A new study has found that ethnic minority immigration to the UK may have had a significant effect on the recent European elections.
Analysis of electoral data shows that about 66% of white Britons supported the right-of-centre Conservative Party or the anti-European Union UK Independence Party at the recent elections for seats in the European Parliament.
A recent poll conducted by the Conservative pollster has shown that there is a great resistance among visible ethnic minority voters to voting for the Conservative Party. Only 16% of black and Asian voters, according to the poll, vote for the Conservatives whereas about 66% are faithful supporters of the left-of-centre Labour Party.
The research says that ethnic minority voting patterns help to explain the results in the European parliamentary elections of May 22nd and, in particular, the difference between voting patterns in London, where most minority voters live and the rest of the country.
In the election, UKIP did well nationally taking 24 of the 73 available seats with 27.5% of the vote over all. But its national success was not matched in London where it took only one seat.
The Labour Party came second in the election overall with 25.4% of the vote but came first comfortably in London taking four out of the eight seats available.
The Conservatives, who are currently governing the country in coalition with the centrist Liberal Democrats came third nationally with 23.9% of the vote but did better than UKIP in London.
Labour had been hoping to do well at the election. There is a UK general election in 2015 and the European elections provide an indication of voting intentions in that election. Labour had been hoping to make gains throughout England but failed to do so. Instead UKIP made significant gains.
But the only place where Labour did well was in London, the home to the majority of the UK’s minority populations. It seems likely, therefore, that Labour’s support among ethnic minority voters is more loyal than among white working class voters.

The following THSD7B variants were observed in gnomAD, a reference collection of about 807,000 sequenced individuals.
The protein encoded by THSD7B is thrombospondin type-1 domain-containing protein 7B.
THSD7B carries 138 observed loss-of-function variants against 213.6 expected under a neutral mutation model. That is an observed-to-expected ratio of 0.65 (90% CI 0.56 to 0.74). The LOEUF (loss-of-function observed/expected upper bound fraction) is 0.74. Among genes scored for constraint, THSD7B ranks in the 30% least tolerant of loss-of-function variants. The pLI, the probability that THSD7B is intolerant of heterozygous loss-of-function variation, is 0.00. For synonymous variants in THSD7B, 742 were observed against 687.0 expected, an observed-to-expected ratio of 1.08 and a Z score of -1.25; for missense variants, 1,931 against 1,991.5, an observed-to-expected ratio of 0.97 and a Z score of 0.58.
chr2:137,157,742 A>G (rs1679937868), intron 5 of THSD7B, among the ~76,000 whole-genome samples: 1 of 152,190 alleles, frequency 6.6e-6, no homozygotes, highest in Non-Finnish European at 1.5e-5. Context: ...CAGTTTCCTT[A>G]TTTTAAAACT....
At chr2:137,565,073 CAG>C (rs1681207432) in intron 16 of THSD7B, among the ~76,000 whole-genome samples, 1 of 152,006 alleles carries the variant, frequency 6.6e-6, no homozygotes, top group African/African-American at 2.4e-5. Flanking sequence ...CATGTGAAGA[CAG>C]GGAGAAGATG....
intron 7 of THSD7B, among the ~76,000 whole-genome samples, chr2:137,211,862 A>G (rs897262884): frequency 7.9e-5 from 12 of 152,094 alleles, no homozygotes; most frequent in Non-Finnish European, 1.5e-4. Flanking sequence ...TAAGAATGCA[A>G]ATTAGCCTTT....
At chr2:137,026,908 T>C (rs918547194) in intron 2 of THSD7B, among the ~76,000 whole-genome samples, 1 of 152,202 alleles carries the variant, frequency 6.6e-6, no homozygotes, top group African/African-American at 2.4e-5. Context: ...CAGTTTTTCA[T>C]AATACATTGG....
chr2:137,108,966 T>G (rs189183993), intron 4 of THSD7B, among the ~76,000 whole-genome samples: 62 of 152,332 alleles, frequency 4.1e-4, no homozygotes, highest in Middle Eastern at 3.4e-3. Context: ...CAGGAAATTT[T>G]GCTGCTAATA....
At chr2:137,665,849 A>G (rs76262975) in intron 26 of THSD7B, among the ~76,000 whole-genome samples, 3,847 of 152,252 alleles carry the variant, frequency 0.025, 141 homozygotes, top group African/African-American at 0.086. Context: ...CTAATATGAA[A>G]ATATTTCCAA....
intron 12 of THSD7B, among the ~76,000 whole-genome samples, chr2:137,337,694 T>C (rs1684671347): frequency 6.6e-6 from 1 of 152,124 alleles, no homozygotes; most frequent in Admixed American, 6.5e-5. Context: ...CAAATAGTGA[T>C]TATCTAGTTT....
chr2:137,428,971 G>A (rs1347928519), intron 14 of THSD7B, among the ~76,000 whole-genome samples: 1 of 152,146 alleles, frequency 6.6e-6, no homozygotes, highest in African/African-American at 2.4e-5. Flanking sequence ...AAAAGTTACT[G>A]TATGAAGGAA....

Some white working class voters are thought to have defected to UKIP and this is thought the likely explanation for UKIP’s success and Labour’s failure to capitalise on the unpopularity of the Conservatives, apart from in London.
The report from the data analytics firm Webber Phillips suggests that ‘we should definitely count ethno-cultural identity as a critical determinant of voting behaviour’. The report suggests that it was the high numbers of ethnic minority voters in London that led to the good performance by Labour.
The report goes on to predict that it is likely, as ethnic minorities move out from London around the country, that they will alter the electoral arithmetic and hand Labour an advantage which the Conservatives might find hard to counter.
However, the report also says that Labour risks losing its support among ethnic minority voters if it introduces restrictive immigration policies in an attempt to win back white working class voters from UKIP.
The report says that the numbers of ethnic minority voters will rise greatly in coming years because 25% of children in UK schools are from ethnic minority backgrounds.
The report says that there are two possible scenarios as the ethnic minorities move outwards into the suburbs and become more prosperous. Either
- They will continue to vote Labour and provide an electoral advantage to Labour or
- They will become more prosperous and switch allegiance to the Conservatives.
The report says that analysis of voting trends makes it seem more likely that they will continue to vote Labour. However analysis of data from a poll conducted by YouGov suggests that there is some evidence that some ethnic minority voters are gravitating towards the Conservatives.
The percentage of ethnic minority supporters of the Conservatives is still low at 16% but it is considerably higher than it was in 2005 when only 10% admitted to supporting the Conservatives.
The authors of the report say that the Conservatives could take steps to encourage more ethnic voters to support them by adopting policies that would be attractive to ethnic minority voters such as increasing the level of immigration.
It is extremely unlikely that the Conservatives would do this, particularly under their current leader, David Cameron, who has pledged to reduce net immigration into the UK to below 100,000 annually by 2015. Mr Cameron made the ‘tens of thousands’ pledge in 2010 when he was leader of the opposition. The then level of immigration was around 250,000 annually. Since then, Mr Cameron’s government has only managed to reduce the net level of immigration to about 210,000 per annum.
The Webber Phillips data analytics company is owned by Trevor Phillips, the former head of the UK’s Equality and Human Rights Commission and a black Briton and Professor Richard Webber, an academic at King’s College London.